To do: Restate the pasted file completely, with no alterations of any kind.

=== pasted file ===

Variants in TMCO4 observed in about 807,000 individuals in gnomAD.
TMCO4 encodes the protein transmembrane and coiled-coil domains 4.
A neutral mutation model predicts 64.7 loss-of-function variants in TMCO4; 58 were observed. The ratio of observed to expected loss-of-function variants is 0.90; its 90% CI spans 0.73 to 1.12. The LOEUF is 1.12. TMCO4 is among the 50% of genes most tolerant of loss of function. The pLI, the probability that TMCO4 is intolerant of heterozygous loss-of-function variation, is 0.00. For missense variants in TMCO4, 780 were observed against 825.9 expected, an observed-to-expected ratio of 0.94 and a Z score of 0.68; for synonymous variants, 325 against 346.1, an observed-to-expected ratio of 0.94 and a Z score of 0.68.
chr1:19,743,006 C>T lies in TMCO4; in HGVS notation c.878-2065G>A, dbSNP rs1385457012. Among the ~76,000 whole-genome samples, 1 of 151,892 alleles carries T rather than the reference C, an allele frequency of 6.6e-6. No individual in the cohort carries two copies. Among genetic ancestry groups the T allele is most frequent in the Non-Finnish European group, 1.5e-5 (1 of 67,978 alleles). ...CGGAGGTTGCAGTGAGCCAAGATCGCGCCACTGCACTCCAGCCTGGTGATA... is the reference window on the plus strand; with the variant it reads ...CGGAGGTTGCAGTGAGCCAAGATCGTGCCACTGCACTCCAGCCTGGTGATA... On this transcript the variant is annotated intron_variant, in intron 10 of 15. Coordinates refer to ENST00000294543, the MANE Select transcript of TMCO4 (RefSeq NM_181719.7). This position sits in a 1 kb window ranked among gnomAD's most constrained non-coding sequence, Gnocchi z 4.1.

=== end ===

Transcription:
Variants in TMCO4 observed in about 807,000 individuals in gnomAD.
TMCO4 encodes the protein transmembrane and coiled-coil domains 4.
A neutral mutation model predicts 64.7 loss-of-function variants in TMCO4; 58 were observed. The ratio of observed to expected loss-of-function variants is 0.90; its 90% CI spans 0.73 to 1.12. The LOEUF is 1.12. TMCO4 is among the 50% of genes most tolerant of loss of function. The pLI, the probability that TMCO4 is intolerant of heterozygous loss-of-function variation, is 0.00. For missense variants in TMCO4, 780 were observed against 825.9 expected, an observed-to-expected ratio of 0.94 and a Z score of 0.68; for synonymous variants, 325 against 346.1, an observed-to-expected ratio of 0.94 and a Z score of 0.68.
chr1:19,743,006 C>T lies in TMCO4; in HGVS notation c.878-2065G>A, dbSNP rs1385457012. Among the ~76,000 whole-genome samples, 1 of 151,892 alleles carries T rather than the reference C, an allele frequency of 6.6e-6. No individual in the cohort carries two copies. Among genetic ancestry groups the T allele is most frequent in the Non-Finnish European group, 1.5e-5 (1 of 67,978 alleles). ...CGGAGGTTGCAGTGAGCCAAGATCGCGCCACTGCACTCCAGCCTGGTGATA... is the reference window on the plus strand; with the variant it reads ...CGGAGGTTGCAGTGAGCCAAGATCGTGCCACTGCACTCCAGCCTGGTGATA... On this transcript the variant is annotated intron_variant, in intron 10 of 15. Coordinates refer to ENST00000294543, the MANE Select transcript of TMCO4 (RefSeq NM_181719.7). This position sits in a 1 kb window ranked among gnomAD's most constrained non-coding sequence, Gnocchi z 4.1.